The use of environmental strategies and psychotropic medication in the management of delirium.
D J Meagher, D O'Hanlon, E O'Mahony, P R Casey


BACKGROUND This paper examines the pattern and frequency of implementation of environmental strategies and the use of psychotropic medication in the management of patients with delirium in an acute hospital setting.

METHOD The study involved 46 consecutive referrals to a consultation psychiatry service each of whom met ICD-10 criteria for delirium. Patients were subdivided into hyperactive, hypoactive and mixed subtypes of delirium and assessed regarding severity of delirium, the use of psychotropic medication prior to consultation and the implementation of environmental measures in their management.

RESULTS Mean age was 60.1 years. Thirty per cent of patients were of the hyperactive subtype, 24% hypoactive and 46% mixed. Psychotropic medication was given to 56.5% prior to consultation and this is significantly associated with severity of delirium and in particular, with hyperactive delirium subtype. Of eight environmental strategies only four were instituted in over 50% of the patients prior to consultation. The application of these strategies was associated with overall severity of delirium, agitation, mood lability and sleep-wake cycle disturbance. It was not significantly associated with severity of disorientation or with disturbed perception/thinking.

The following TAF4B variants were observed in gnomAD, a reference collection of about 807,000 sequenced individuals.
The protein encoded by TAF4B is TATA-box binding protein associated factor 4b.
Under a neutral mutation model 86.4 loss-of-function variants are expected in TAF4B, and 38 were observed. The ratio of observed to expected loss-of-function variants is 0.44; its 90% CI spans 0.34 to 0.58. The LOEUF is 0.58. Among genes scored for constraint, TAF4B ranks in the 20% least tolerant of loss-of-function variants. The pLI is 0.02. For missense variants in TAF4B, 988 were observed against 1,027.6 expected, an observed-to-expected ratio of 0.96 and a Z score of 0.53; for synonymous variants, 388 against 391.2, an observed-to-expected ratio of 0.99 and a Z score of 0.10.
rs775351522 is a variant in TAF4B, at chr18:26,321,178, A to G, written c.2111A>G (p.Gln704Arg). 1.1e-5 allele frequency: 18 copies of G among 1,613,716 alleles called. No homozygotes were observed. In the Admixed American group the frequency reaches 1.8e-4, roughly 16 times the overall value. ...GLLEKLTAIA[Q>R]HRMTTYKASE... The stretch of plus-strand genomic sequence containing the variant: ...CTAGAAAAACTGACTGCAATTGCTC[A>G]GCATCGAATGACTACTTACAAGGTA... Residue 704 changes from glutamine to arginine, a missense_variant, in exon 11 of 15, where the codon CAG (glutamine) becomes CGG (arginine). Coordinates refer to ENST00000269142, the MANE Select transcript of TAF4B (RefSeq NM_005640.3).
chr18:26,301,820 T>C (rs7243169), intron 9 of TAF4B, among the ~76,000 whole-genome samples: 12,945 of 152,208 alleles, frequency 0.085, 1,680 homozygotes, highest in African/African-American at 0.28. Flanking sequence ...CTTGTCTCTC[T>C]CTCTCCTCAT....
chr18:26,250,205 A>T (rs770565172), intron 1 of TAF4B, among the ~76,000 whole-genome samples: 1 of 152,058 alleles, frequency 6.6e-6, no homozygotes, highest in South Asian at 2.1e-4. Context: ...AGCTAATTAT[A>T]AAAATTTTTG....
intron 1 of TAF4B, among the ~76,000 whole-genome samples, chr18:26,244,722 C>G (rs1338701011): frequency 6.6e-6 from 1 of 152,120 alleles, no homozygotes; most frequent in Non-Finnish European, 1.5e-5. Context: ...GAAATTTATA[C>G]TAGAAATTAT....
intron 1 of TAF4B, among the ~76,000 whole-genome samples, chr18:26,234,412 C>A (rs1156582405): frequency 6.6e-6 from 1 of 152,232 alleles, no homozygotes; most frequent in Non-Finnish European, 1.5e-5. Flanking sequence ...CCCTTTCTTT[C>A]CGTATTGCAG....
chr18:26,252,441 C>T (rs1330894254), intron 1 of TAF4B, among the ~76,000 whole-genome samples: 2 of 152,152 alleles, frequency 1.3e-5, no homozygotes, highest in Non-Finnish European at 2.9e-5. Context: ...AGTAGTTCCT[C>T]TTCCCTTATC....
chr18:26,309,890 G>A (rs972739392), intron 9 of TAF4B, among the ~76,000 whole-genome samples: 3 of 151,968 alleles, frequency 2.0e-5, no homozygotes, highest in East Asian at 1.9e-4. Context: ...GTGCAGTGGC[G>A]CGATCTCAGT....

CONCLUSION Simple environmental strategies such as limiting changes in staff, minimising noise levels and involving relatives in re-orientation are frequently overlooked in the management of patients with delirium. Our study suggests that the implementation of environmental strategies occurs primarily in responses to behavioural challenges rather than to limit the core features of delirium.